The moment Ben Spies realised his racing career was over

Ben Spies reveals a specific incident during a practice session at Mugello in 2013 convinced him his racing career was over

Ben Spies 1200

Ben Spies has revealed the moment he realised his motorcycle racing career was at an end when he almost suffered a crash as a direct result of his troublesome shoulder injury during a MotoGP practice session at Mugello in 2013.

The 2009 WorldSBK Champion stepped up to premier class with the factory Yamaha team to great fanfare in 2010 but struggled to get to grips with the MotoGP machinery from the outset, achieving only a pair of podiums in his first season.

Thereafter Spies became blighted by physical issues, most notably a shoulder injury that required numerous operations but with left him significantly little strength as a result.

His form created ructions in the Yamaha fold too, with Spies revealing in 2013 that he was told by a senior Yamaha team member 'we've invested a lot of money in you, [so] don't come to Laguna Seca if you aren't 100 percent’ when he was forced to miss a MotoGP test due to food poisoning.

However, after joining Pramac Ducati for 2013, he started just two races with the team before he eventually announced his retirement midway through the year as a result of the shoulder injury.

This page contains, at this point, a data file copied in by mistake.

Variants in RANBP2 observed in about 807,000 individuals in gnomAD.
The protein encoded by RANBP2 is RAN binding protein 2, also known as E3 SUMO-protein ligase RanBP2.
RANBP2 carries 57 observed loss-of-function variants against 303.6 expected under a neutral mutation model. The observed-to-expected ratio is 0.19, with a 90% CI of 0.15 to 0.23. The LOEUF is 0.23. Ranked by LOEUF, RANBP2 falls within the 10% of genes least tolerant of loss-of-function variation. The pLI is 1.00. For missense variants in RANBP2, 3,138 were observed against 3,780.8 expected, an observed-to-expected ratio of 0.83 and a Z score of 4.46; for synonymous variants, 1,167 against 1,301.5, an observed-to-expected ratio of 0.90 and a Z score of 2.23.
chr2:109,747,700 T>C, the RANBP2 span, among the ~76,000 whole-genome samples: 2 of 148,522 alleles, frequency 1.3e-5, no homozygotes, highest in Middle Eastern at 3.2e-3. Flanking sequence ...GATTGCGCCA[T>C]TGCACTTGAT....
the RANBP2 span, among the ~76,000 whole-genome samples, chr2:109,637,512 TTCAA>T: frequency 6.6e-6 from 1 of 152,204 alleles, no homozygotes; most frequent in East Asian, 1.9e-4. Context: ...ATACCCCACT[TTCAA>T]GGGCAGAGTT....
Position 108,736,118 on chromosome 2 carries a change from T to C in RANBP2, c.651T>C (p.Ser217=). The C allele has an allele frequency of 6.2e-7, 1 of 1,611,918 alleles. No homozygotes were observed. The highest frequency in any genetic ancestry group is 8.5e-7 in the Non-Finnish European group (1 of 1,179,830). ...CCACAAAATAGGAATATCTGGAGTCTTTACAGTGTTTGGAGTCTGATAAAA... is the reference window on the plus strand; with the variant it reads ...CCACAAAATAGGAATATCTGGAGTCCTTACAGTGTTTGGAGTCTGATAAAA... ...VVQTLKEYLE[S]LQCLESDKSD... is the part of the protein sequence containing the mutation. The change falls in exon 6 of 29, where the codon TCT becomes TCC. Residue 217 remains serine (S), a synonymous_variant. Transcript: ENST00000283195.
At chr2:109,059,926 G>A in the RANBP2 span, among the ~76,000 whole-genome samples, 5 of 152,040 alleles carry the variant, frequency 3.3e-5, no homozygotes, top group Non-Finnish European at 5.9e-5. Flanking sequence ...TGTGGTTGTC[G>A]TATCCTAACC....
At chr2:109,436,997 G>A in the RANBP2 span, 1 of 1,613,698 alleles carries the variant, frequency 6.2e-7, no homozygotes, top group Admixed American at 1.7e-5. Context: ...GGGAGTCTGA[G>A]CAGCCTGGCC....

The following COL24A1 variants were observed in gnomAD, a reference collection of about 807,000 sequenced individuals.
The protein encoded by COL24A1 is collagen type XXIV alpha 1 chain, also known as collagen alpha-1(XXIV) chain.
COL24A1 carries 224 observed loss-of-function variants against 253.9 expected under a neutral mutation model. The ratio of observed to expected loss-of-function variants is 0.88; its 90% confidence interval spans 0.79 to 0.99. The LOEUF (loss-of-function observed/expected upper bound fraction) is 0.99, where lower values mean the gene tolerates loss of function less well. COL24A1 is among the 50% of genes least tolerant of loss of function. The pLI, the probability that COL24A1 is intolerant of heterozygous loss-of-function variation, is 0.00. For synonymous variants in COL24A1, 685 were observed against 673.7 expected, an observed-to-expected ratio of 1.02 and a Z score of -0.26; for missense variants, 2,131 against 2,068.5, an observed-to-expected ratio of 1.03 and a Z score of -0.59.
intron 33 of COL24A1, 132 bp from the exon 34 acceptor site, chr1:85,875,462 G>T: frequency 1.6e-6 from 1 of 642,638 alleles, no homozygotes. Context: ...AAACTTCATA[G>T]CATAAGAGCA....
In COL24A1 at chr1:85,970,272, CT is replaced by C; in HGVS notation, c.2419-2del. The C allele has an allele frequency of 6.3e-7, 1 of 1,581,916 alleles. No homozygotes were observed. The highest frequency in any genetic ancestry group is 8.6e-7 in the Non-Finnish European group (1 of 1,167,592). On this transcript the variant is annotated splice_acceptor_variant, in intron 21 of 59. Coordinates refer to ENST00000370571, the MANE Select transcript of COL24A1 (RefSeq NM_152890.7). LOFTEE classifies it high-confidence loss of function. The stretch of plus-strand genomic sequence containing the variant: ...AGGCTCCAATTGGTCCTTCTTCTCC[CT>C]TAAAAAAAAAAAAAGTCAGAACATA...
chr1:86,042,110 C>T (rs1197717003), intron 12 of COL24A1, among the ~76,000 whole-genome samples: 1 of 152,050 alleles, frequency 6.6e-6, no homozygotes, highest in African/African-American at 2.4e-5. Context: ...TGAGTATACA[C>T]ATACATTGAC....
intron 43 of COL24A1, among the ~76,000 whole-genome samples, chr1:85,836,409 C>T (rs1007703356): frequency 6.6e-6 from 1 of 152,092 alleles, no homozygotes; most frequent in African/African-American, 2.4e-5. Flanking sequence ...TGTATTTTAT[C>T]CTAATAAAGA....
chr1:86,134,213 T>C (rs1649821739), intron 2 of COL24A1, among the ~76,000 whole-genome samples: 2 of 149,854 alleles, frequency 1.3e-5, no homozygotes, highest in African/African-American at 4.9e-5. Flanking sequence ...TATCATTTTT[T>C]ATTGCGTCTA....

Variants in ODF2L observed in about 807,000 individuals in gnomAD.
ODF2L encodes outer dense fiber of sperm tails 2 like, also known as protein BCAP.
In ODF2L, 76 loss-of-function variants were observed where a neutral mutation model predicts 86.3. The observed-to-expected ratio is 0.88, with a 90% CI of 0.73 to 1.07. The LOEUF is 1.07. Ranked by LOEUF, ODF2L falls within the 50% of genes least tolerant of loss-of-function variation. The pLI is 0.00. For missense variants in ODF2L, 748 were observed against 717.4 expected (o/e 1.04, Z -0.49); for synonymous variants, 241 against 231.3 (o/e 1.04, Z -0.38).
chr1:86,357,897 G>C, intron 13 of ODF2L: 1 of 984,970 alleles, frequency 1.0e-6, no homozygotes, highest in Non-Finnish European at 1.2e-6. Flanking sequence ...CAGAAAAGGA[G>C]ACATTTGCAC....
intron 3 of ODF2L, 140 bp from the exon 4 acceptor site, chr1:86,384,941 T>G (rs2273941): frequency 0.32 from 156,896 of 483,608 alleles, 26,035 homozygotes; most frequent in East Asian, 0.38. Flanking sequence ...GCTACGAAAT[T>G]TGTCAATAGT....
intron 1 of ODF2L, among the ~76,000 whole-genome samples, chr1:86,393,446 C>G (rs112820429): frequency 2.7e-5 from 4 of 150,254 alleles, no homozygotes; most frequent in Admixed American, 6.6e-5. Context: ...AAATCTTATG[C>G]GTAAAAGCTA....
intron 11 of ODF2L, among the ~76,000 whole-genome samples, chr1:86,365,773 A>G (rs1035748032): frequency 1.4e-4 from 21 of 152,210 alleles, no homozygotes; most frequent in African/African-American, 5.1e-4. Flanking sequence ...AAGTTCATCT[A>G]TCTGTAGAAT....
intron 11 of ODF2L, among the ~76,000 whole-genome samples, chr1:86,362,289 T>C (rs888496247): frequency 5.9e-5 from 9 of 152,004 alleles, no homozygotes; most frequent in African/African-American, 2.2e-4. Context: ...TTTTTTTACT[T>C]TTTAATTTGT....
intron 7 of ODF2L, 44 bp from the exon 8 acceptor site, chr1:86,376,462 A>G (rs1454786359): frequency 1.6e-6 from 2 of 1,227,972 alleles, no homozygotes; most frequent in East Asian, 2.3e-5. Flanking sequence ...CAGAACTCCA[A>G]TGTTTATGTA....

Though the injury had been troubling him for some time by this stage, Spies reveals a scary off-track moment during free practice at the Italian MotoGP race confirmed to him he couldn’t continue as he was or risk a much more serious accident involving other riders going forward.

“I remember in 2013 I was at Mugello, taking the chicane before the last corner, at the exit I was doing a nice drift but the rubber regained grip and the front took my hand and I released my shoulder but I could not shut the gas,” he told GPOne. “I lost the braking point by 50m, I managed to slow down in the gravel and not crash into the wall.

“What would have happened to me if something similar happened in the first laps of a race? I could have involved two or three riders at over 300km/h. It was the moment when I realised I was in trouble.

“I ran in AMA with a broken wrist, these are injuries that you can manage, but not the shoulder, especially when it is not stable. I would have liked to withdraw in a better way, but it went like this.”

Talking more about the pain he went through to get the shoulder back to strength, he says giving up racing was a necessary sacrifice.

“My right shoulder practically no longer exists. I underwent surgery seven times, I no longer have the necessary stability. I could have undergone another operation to fix it, but if it had gone wrong it would have been very painful and I would have had to operate again, all this to maybe run for another three years, so the doctors advised me not to.”